By 1974, Ayers was firmly ensconced in his solo career, with a string of credible releases in the bag. The confessions of Dr. Dream and other stories was his first album for Island records, his move to a major label allowing him to populate the tracks with many famous musicians. Luminaries of the Canterbury scene and further afield, such as Mike Ratledge (Soft Machine), Geoff Richardson (Caravan), Nico and Mike Oldfield, along with a host of others, all grace the album at various points.

With just 8 tracks including an almost side long suite, this is arguably Ayers' most ambitious release. Such an observation is diluted to some extent when we find that the suite is in fact four separate tracks linked together, but this is nevertheless a key album in Kevin's discography.

The opening track Day by day sets the tone for the album with a funky pop orientated song complete with girlie voices and a catchy hook. Prog it most certainly ain't; but enjoyable? Well yes. See you later sounds for all the world like a short Bonzo Dog Band track. It quickly links via some superfluous whistles etc. and some hard rock guitar into I didn't feel lonely till I thought of you, another song peppered with a girlie vocal backed chorus. There is some fine guitar work concealed within the song, but overall it is little more than a commercial pop number.

It is only when we get to the melancholy Everybody's sometime and some people's all the time blues, that we find the type of song we expect from Ayers, and for my money the style he is best at. This slow, moody number offers him the opportunity to add a fine vocal performance.

The three part It begins with a blessing/Once I awakened/But it ends with a curse reverts to the soft downbeat style again, supported by some delightful organ. The song includes a combination of incoherent mumbling by Kev and loud vocalised choruses by his female accompaniment. Side one is rounded out by the brief throwaway Ballbearing blues, an amusing but inconsequential ditty.

The four part title suite may be something of a wolf in sheep's clothing, but it is still the highlight of the album. The four songs are far more adventurous and imaginative that anything else here, featuring some fine instrumentation (including Canterbury keyboards). There are hints of Hawkwind, Krautrock and a myriad of other styles throughout the suite, which hangs together surprisingly well as a major piece.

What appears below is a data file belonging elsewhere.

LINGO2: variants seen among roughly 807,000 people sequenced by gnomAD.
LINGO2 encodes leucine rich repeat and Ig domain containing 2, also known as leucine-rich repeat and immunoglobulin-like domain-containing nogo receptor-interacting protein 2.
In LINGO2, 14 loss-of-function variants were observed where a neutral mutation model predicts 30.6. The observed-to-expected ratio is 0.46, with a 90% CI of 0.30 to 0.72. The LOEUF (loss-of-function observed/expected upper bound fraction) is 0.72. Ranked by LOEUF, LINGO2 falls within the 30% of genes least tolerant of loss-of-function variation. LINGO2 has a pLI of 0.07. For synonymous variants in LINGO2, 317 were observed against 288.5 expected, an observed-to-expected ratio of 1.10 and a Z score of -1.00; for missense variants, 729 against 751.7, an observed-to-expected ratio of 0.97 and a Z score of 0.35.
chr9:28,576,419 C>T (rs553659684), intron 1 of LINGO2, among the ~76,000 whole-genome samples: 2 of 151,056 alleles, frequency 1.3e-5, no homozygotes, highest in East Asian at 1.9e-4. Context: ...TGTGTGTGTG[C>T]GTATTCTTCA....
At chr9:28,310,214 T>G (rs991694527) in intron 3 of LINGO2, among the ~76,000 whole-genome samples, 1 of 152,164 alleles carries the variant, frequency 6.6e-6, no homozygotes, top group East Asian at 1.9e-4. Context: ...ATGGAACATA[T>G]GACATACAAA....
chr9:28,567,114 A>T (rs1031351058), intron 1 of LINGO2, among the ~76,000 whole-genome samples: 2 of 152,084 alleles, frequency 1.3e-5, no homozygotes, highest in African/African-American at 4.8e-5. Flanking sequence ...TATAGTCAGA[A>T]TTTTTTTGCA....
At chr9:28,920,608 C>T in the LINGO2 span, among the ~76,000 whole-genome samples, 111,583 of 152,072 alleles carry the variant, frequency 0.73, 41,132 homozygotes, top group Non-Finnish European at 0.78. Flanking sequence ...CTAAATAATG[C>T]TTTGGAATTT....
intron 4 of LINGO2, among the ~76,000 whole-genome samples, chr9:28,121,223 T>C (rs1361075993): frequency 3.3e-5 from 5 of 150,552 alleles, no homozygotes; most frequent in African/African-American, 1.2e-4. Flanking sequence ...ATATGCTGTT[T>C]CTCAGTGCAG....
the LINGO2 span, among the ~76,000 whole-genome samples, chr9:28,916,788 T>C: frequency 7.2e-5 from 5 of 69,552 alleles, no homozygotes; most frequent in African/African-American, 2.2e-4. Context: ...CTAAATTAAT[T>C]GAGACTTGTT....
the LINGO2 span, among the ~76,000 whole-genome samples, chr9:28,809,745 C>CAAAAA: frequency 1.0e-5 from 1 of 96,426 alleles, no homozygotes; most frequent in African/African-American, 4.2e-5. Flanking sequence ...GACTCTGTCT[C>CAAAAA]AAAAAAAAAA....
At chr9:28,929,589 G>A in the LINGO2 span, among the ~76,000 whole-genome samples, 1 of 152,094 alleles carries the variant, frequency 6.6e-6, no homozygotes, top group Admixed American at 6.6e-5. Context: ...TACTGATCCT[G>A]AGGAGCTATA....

The album concludes with Two goes into four, a brief acoustic variation of Hey Jude with alternative lyrics.

In all, an album which probably pleased Ayers' new record company, since it contained some pretty commercial material. Long term fans, and progheads generally, are best advised to head for side two and in particular the suite which give the album its name. Noted producer Rupert Hine does a fine job with the material he is presented with, the sound being clean and uncluttered.

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Send comments to Easy Livin (BETA) | Report this review (#156978)
Posted Saturday, December 29, 2007 | Review Permalink
4 stars Discovering a man and a musician.

The man who has played every style in music: Kevin Ayers. From gently ballads or non-sense riffs to spectacular and dramathic themes.

In this album you can hear the spirit of Wild Flowers, Soft Machine, Robert Wyatt and ..... why not the insanity of Syd Barrett.

Played along with a multitude of big artists (R. Cooper, M. Oldfield, all Soft Machine's Friends etc.), fans of prog music will appreciate some short riffs that are very nice and a mix of Canterbury and prog style.